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City council this evening agreed to accept a donation of land from JAECO Properties, a company in which John M. Rightmyer is president, in exchange for the city’s administration obtaining an appraisal “suitable to them (the company) for tax purposes along with deed preparation.”

Of the seven parcels donated, the largest is 9.57 acres and is located next to Ledgerwood Field.

City Manager Joseph Scherer said in his report to council that acreage “could be used for additional recreational facilities such as ballfields or playground areas.”

The remaining acreage is small, the city manager said, but “would be advantageous to the public works department for such things as unrestricted access to city drainage ditches and Chockoyotte Creek, improving alley access or an equipment storage site. Almost all of the smaller parcels are considered to be not suitable for building any housing or similar structure.”

Scherer said the recreation advisory committee reviewed the parcel adjacent to Ledgerwood and unanimously voted to recommend acceptance of the 9.57 acres.

Parks and recreation Director John Simeon said following the council meeting, “We are very, very pleased to receive such a generous donation and look forward to the future opportunities it provides.”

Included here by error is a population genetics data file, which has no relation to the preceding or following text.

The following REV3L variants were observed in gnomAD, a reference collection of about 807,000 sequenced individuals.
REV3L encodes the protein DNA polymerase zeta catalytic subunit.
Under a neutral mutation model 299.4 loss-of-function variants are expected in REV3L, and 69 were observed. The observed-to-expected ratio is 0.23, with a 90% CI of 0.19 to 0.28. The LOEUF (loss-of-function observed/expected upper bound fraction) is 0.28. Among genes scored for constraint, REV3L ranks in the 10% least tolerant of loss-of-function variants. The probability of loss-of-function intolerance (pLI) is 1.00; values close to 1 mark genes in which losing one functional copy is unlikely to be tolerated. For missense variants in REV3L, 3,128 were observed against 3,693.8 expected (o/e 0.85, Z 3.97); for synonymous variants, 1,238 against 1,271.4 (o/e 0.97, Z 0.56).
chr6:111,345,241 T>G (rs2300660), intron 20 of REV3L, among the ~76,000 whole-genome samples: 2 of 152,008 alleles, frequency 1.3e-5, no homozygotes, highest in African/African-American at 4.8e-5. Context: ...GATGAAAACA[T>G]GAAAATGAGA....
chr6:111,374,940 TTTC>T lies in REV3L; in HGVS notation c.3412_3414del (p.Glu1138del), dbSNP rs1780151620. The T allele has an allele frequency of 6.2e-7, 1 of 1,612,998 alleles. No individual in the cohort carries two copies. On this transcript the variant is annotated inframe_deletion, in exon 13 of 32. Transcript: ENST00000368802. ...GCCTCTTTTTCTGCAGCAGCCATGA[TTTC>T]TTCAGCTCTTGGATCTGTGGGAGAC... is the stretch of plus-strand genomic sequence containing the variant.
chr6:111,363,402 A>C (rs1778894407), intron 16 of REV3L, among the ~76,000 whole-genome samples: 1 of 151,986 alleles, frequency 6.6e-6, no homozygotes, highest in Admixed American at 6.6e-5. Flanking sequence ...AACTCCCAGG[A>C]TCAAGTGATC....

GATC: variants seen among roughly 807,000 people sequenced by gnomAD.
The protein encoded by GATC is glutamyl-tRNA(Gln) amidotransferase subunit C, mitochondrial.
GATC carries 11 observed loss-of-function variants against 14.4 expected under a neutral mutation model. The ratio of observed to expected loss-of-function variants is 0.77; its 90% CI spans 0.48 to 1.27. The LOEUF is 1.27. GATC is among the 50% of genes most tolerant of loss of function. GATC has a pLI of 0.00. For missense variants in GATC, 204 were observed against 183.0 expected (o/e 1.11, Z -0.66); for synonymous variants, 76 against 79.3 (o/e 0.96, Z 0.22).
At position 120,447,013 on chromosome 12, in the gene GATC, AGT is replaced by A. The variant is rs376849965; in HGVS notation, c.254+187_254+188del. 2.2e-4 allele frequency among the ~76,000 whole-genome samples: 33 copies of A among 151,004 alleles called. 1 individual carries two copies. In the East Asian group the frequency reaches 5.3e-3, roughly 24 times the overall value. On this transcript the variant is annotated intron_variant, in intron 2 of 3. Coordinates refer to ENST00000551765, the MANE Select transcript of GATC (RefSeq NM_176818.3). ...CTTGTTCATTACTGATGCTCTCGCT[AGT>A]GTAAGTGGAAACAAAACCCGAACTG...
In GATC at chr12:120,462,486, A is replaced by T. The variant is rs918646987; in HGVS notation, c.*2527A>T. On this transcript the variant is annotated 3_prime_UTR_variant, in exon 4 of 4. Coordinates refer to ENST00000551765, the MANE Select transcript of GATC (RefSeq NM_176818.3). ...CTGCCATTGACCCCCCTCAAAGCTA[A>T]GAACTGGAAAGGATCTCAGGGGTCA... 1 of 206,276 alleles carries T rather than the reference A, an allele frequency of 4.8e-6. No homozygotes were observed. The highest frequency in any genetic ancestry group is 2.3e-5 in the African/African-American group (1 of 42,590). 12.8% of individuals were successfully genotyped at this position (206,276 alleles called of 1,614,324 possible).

Simeon said said he will be working with the advisory board in coordination with the department’s master plan for possible usage.

In a December letter from Rightmyer to Councilman Wayne Smith it is noted the 9.57 acres has a tax value of $34,500. Property at the end of Jackson Street is .09 acres and valued at $300; property at Madison Street next to the railway is .12 acres and valued at $300; a parcel at Fifth and Henry streets is .45 acres and valued at $400; a parcel east of Henry and north of Sixth is .96 acres and valued at $1,000; a parcel at Second and Charlotte streets is .77 acres and valued at $2,500 and a parcel at the corner of Ashland and Roanoke Avenue is .94 acres and valued at $600.

“All would be transferred in one gift deed prepared by (attorney) Brad Elliott which the city would pay for,” Rightmyer wrote. “The city would need to provide and pay for an appraisal, suitable to JAECO Properties Inc. for our tax purposes and have complete on or before June 30.”

In a memo from public works Director Larry Chalker, the property at Jackson Street contains a drainage ditch and adjoins city property containing the same ditch. “It would make sense for us to own this for continued unfettered access.”

The property on Madison Street is the last on a dead end alley. “The only advantage to owning this unbuildable lot would be to extend the termination of the alley across it, thereby making the alley serviceable once again.”

The property at Henry Street contains a large drainage ditch and would allow for unfettered access as would the property at Monroe Street and Charlotte and Second.

The property at Ashland is buildable but is one-third in the floodway and two-thirds in the floodplain. “The lot is buildable but with certain exceptions. An ideal use could be a neighborhood playground or a fenced, graveled lot for storage of surplus items/equipment. City possession would allow for access to Chockoyotte Creek.”